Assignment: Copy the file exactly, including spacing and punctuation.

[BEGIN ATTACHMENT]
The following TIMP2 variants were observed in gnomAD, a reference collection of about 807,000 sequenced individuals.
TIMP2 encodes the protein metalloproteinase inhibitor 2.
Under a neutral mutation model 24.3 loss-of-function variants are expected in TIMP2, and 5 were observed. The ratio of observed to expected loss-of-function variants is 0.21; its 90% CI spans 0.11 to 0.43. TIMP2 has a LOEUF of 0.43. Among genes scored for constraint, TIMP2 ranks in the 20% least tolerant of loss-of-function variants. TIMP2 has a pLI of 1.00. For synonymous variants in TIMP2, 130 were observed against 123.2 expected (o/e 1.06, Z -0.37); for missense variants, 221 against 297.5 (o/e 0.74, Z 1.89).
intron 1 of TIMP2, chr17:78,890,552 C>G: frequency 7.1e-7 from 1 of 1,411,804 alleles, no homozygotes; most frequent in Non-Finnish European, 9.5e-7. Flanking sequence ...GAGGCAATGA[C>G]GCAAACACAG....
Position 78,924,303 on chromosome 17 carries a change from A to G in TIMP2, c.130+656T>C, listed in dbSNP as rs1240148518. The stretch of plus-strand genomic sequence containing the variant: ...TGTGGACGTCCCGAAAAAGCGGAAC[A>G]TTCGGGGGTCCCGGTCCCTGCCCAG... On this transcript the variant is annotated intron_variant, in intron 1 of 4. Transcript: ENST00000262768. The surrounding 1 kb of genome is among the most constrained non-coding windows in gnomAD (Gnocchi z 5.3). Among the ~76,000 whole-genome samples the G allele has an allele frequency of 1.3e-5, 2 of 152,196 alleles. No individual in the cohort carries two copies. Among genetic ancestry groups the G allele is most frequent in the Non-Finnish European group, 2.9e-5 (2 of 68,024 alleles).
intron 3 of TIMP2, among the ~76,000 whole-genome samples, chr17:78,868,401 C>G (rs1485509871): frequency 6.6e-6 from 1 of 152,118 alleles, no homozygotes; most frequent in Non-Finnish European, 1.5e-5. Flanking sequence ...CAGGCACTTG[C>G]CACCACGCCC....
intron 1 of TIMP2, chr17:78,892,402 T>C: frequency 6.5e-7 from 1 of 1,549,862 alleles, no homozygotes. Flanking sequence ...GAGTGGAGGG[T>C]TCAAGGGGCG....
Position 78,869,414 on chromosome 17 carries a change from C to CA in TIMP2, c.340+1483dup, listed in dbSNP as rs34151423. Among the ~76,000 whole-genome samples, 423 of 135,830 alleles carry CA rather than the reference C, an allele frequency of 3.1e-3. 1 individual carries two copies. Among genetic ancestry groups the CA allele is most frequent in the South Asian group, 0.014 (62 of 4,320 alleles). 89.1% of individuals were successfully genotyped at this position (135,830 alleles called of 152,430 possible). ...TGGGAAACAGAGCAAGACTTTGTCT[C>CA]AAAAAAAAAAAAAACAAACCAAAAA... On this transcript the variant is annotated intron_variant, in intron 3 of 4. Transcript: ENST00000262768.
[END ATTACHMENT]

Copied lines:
The following TIMP2 variants were observed in gnomAD, a reference collection of about 807,000 sequenced individuals.
TIMP2 encodes the protein metalloproteinase inhibitor 2.
Under a neutral mutation model 24.3 loss-of-function variants are expected in TIMP2, and 5 were observed. The ratio of observed to expected loss-of-function variants is 0.21; its 90% CI spans 0.11 to 0.43. TIMP2 has a LOEUF of 0.43. Among genes scored for constraint, TIMP2 ranks in the 20% least tolerant of loss-of-function variants. TIMP2 has a pLI of 1.00. For synonymous variants in TIMP2, 130 were observed against 123.2 expected (o/e 1.06, Z -0.37); for missense variants, 221 against 297.5 (o/e 0.74, Z 1.89).
intron 1 of TIMP2, chr17:78,890,552 C>G: frequency 7.1e-7 from 1 of 1,411,804 alleles, no homozygotes; most frequent in Non-Finnish European, 9.5e-7. Flanking sequence ...GAGGCAATGA[C>G]GCAAACACAG....
Position 78,924,303 on chromosome 17 carries a change from A to G in TIMP2, c.130+656T>C, listed in dbSNP as rs1240148518. The stretch of plus-strand genomic sequence containing the variant: ...TGTGGACGTCCCGAAAAAGCGGAAC[A>G]TTCGGGGGTCCCGGTCCCTGCCCAG... On this transcript the variant is annotated intron_variant, in intron 1 of 4. Transcript: ENST00000262768. The surrounding 1 kb of genome is among the most constrained non-coding windows in gnomAD (Gnocchi z 5.3). Among the ~76,000 whole-genome samples the G allele has an allele frequency of 1.3e-5, 2 of 152,196 alleles. No individual in the cohort carries two copies. Among genetic ancestry groups the G allele is most frequent in the Non-Finnish European group, 2.9e-5 (2 of 68,024 alleles).
intron 3 of TIMP2, among the ~76,000 whole-genome samples, chr17:78,868,401 C>G (rs1485509871): frequency 6.6e-6 from 1 of 152,118 alleles, no homozygotes; most frequent in Non-Finnish European, 1.5e-5. Flanking sequence ...CAGGCACTTG[C>G]CACCACGCCC....
intron 1 of TIMP2, chr17:78,892,402 T>C: frequency 6.5e-7 from 1 of 1,549,862 alleles, no homozygotes. Flanking sequence ...GAGTGGAGGG[T>C]TCAAGGGGCG....
Position 78,869,414 on chromosome 17 carries a change from C to CA in TIMP2, c.340+1483dup, listed in dbSNP as rs34151423. Among the ~76,000 whole-genome samples, 423 of 135,830 alleles carry CA rather than the reference C, an allele frequency of 3.1e-3. 1 individual carries two copies. Among genetic ancestry groups the CA allele is most frequent in the South Asian group, 0.014 (62 of 4,320 alleles). 89.1% of individuals were successfully genotyped at this position (135,830 alleles called of 152,430 possible). ...TGGGAAACAGAGCAAGACTTTGTCT[C>CA]AAAAAAAAAAAAAACAAACCAAAAA... On this transcript the variant is annotated intron_variant, in intron 3 of 4. Transcript: ENST00000262768.